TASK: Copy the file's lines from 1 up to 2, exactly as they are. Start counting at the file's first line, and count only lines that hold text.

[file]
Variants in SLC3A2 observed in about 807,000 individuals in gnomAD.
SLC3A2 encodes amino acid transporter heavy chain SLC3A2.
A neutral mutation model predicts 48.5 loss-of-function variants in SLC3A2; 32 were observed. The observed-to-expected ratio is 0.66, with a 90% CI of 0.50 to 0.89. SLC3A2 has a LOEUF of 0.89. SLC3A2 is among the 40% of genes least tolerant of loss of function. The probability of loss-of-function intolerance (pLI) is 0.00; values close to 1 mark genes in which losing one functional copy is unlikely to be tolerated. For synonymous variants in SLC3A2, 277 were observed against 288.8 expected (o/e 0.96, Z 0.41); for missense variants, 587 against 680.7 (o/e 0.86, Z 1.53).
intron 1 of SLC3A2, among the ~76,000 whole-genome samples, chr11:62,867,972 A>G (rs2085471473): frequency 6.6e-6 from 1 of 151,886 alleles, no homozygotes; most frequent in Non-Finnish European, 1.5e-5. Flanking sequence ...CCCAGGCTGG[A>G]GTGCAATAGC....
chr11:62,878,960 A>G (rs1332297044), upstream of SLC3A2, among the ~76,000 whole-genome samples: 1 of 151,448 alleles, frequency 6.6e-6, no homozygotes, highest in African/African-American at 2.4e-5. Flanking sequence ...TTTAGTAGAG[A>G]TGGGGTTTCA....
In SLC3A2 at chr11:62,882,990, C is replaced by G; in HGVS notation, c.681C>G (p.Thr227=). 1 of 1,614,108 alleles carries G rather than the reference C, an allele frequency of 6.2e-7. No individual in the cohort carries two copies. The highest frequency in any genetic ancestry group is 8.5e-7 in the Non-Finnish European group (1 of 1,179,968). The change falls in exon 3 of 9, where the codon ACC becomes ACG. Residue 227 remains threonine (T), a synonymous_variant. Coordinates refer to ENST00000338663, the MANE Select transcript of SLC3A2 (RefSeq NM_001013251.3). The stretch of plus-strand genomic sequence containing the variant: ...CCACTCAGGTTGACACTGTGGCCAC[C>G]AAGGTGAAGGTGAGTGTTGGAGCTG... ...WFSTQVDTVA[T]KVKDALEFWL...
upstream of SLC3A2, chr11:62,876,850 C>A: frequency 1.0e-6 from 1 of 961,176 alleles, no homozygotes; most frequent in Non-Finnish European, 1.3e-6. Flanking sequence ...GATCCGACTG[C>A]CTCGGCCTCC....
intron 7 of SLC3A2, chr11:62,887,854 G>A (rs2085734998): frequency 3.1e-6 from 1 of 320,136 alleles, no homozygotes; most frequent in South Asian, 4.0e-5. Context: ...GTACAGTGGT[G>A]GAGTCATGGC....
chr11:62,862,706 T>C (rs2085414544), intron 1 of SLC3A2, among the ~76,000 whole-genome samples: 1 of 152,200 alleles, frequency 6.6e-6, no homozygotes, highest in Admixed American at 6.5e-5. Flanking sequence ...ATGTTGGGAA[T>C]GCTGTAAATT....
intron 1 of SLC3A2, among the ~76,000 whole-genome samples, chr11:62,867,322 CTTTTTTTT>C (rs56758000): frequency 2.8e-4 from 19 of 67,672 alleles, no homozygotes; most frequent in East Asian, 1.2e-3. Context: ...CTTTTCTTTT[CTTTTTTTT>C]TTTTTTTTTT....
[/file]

Variants in SLC3A2 observed in about 807,000 individuals in gnomAD.
SLC3A2 encodes amino acid transporter heavy chain SLC3A2.